lifeblood: listlogs: 2009-005


date:    thu, 29 jan 2009 10:39:56 +1100
from:    sherlyn koo <>
subject: silicon valley mercury news article

hey folks,

here's an amy article/interview from the silicon valley mercury news.  you
can read it online at


---begin forwarded message---
amy ray of indigo girls goes solo
by jon matsumoto

for the mercury news
posted: 01/28/2009 11:14:17 am pst

amy ray just can't suppress a playful laugh when it's mentioned that some
of the electric guitar textures on her recent solo album sound a lot like
the clash.

"totally," she admits with a chuckle. "i have to be careful about that."

you can't blame ray for replicating the guitar sound of the late, great
english punk band. she's a fan.

but the 44-year-old singer-guitarist-songwriter has spent much of her
26-plus-year music career downplaying her inner punk rock girl as a member
of the popular acoustic duo the indigo girls. it's been as a solo artist
that the georgia native has felt more comfortable unleashing her more
raucous instincts.

with her fourth and latest solo disc, "didn't it feel kinder," ray straps
on her electric guitar on numbers like "bus bus" and "slc radio." while
hardly mosh pit anthems, they nonetheless reflect a rock 'n' roll side of
her artistry that hasn't found full expression in the folksier indigo

"i was writing songs that didn't really fit into the indigo girls," says
ray, explaining the genesis of her solo career. "i started an indie record
label when the indigo girls signed to epic records (in the late '80s). i
put out records by friends of mine in the underground music community. i
got more involved in writing and jamming with these artists. more than
anything, (the solo albums) are a result of having these different

ray seems to have found several compatible (and inspiring) musical partners
in drummer melissa york and guitarist kaia wilson. former members of the
lesbian rock band the butchies, york and wilson were on board for ray's
2001 solo debut album, "stag." the pair returned for the recording of
"didn't it feel kinder" and ray's current tour, which comes to the rio
theatre in santa cruz this friday night. the touring lineup also includes
keyboard player and bassist greg griffith, who produced "didn't it feel

ray and her indigo girls partner emily saliers have long been committed
social activists. they helped establish an organization called honor the
earth, which aims to promote environmental technology and green jobs in
native american and minority communities.

so it's not surprising that there is a topical edge to some of ray's solo
material. "slc radio" was inspired by a community radio station in salt
lake city that gives voice to a progressive community in the largely
conservative, mormon state. the church of jesus christ of latter-day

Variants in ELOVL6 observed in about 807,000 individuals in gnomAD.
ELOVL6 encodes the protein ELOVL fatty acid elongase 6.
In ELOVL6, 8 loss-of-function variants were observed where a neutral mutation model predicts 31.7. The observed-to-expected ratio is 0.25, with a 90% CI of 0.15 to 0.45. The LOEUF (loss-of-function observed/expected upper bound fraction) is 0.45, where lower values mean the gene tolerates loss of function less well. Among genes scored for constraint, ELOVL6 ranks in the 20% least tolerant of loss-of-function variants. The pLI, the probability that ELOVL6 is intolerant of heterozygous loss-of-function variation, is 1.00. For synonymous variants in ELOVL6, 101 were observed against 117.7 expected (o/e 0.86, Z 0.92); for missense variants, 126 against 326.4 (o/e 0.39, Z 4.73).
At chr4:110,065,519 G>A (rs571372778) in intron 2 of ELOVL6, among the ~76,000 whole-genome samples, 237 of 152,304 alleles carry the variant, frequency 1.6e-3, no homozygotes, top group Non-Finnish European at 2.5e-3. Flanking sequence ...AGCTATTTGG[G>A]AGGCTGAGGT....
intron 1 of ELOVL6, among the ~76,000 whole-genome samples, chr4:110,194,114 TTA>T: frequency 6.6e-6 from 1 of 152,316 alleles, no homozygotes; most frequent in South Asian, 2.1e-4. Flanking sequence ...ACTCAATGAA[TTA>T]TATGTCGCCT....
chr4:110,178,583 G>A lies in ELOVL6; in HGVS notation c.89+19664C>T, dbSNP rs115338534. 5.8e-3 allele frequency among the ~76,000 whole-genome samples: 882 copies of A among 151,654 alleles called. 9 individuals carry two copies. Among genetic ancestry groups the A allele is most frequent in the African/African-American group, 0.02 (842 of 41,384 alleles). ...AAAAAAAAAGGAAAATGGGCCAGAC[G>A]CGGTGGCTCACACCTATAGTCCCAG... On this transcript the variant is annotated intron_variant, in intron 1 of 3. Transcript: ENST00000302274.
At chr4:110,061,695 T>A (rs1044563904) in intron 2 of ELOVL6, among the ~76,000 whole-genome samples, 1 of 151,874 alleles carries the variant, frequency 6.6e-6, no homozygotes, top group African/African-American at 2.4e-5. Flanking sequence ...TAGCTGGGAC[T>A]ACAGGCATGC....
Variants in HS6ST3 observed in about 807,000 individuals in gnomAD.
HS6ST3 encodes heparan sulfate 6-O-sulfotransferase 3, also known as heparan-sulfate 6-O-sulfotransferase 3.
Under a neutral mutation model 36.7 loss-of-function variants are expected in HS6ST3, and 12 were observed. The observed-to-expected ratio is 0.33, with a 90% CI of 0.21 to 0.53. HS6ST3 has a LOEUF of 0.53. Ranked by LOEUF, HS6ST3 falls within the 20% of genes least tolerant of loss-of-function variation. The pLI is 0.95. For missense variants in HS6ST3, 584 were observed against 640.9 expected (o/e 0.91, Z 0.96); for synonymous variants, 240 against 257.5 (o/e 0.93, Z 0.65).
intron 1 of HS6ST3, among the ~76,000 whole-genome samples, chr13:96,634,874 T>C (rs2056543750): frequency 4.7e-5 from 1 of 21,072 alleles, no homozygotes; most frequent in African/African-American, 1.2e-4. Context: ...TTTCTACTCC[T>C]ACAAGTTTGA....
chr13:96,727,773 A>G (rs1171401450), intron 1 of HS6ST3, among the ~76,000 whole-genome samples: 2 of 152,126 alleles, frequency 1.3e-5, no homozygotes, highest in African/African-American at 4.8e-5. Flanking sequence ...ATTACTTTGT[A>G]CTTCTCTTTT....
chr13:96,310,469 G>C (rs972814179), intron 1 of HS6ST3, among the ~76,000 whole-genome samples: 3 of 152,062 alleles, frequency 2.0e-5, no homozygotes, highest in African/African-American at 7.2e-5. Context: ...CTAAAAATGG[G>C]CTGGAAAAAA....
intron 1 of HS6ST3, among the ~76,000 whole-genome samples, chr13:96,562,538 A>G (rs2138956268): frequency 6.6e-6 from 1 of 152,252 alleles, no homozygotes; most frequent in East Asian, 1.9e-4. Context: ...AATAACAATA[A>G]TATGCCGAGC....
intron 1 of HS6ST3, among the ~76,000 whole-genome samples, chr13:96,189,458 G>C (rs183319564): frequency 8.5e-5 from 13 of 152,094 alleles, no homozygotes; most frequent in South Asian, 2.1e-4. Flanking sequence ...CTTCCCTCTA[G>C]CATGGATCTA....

saints' support of the recent proposition 8 campaign banning same-sex
marriage in california seemed to add even more weight to the song's plea
for tolerance and dialogue.

"it was interesting how that (proposition 8) issue came up while we were
doing the song on tour," notes ray, who is gay. "i was just like, 'wow.'
the mormon church is representative of that fundamentalist idea. there are
so many positive and negative things in religion. there are a lot of good
folks in every institution, but that church wields their power in such a
negative way."

in two months, ray will again turn her attention to the indigo girls. the
duo will release its first album in three years, "poseidon and the bitter
bug," on march 24. spring and summer will also find ray and saliers back on
the road.

with "poseidon and the bitter bug," the indigo girls have come full circle.

their first album was released independently in 1987, but the next 10
albums were released on major labels, with the first nine being epic
records releases. "poseidon and the bitter bug" will mark the debut of the
indigo girls' own record label called ig recordings with distribution
provided by vanguard records.

"it feels good not to be on a big label and to be independent," ray says.
"there are a lot of differences just as far as having discretion over how
your money is spent, doing things at your own pace and knowing where the
buck stops, which is nice. i've been ready for that for a long time."

"poseidon and the bitter bug" was recorded within a three-week span in
atlanta. it was produced by studio veteran mitchell froom, who also
produced the duo's last album, 2006's "despite our differences." the album
also contains a bonus disc featuring acoustic versions of all the album's
tracks as well as one additional song.

ray may be relishing the opportunity to be an independent recording artist
again. but on a personal level, it's been difficult witnessing the economic
decline of the major-label record industry due to issues such as the legal
and illegal downloading of songs from the internet.

"it's been hard to watch the industry fall apart over the past 10 years
because our friends in the industry were losing their jobs," ray says.
"it's always the good folks who lose their jobs, the ones that you feel
really understand music."

amy ray

when: 8 p.m. friday
where: rio theatre, 1205 soquel ave., santa cruz
tickets: $15 in advance, $19 at the door; (831) 423-8209
also: 9 p.m. saturday, slim"s, 333 11th st., san francisco. $16-18,

for information about the news-only version of this list send
this command to info ig-news
indigo girls faq and indigo girls mailing list faq:


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